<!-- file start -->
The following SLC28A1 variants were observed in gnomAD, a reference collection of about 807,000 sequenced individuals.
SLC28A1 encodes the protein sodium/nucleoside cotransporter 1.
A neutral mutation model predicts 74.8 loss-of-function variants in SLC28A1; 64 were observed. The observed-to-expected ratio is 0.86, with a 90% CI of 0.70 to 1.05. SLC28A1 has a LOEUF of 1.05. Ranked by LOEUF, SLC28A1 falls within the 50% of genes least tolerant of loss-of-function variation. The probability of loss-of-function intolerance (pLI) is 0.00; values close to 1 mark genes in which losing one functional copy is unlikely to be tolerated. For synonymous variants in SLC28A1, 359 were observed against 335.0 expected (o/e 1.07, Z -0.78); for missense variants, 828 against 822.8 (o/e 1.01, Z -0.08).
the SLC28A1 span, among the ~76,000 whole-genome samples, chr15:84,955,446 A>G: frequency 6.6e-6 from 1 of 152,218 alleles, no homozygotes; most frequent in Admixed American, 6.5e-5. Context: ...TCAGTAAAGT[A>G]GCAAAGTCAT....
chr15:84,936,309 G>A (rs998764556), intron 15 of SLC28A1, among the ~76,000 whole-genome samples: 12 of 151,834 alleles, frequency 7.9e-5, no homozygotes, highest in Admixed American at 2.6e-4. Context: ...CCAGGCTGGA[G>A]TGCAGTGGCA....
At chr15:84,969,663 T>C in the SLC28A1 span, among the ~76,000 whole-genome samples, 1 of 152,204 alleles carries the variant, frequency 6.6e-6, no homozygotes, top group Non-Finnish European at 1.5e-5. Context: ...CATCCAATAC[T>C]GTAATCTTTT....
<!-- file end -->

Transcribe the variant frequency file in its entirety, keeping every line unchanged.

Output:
The following SLC28A1 variants were observed in gnomAD, a reference collection of about 807,000 sequenced individuals.
SLC28A1 encodes the protein sodium/nucleoside cotransporter 1.
A neutral mutation model predicts 74.8 loss-of-function variants in SLC28A1; 64 were observed. The observed-to-expected ratio is 0.86, with a 90% CI of 0.70 to 1.05. SLC28A1 has a LOEUF of 1.05. Ranked by LOEUF, SLC28A1 falls within the 50% of genes least tolerant of loss-of-function variation. The probability of loss-of-function intolerance (pLI) is 0.00; values close to 1 mark genes in which losing one functional copy is unlikely to be tolerated. For synonymous variants in SLC28A1, 359 were observed against 335.0 expected (o/e 1.07, Z -0.78); for missense variants, 828 against 822.8 (o/e 1.01, Z -0.08).
the SLC28A1 span, among the ~76,000 whole-genome samples, chr15:84,955,446 A>G: frequency 6.6e-6 from 1 of 152,218 alleles, no homozygotes; most frequent in Admixed American, 6.5e-5. Context: ...TCAGTAAAGT[A>G]GCAAAGTCAT....
chr15:84,936,309 G>A (rs998764556), intron 15 of SLC28A1, among the ~76,000 whole-genome samples: 12 of 151,834 alleles, frequency 7.9e-5, no homozygotes, highest in Admixed American at 2.6e-4. Context: ...CCAGGCTGGA[G>A]TGCAGTGGCA....
At chr15:84,969,663 T>C in the SLC28A1 span, among the ~76,000 whole-genome samples, 1 of 152,204 alleles carries the variant, frequency 6.6e-6, no homozygotes, top group Non-Finnish European at 1.5e-5. Context: ...CATCCAATAC[T>C]GTAATCTTTT....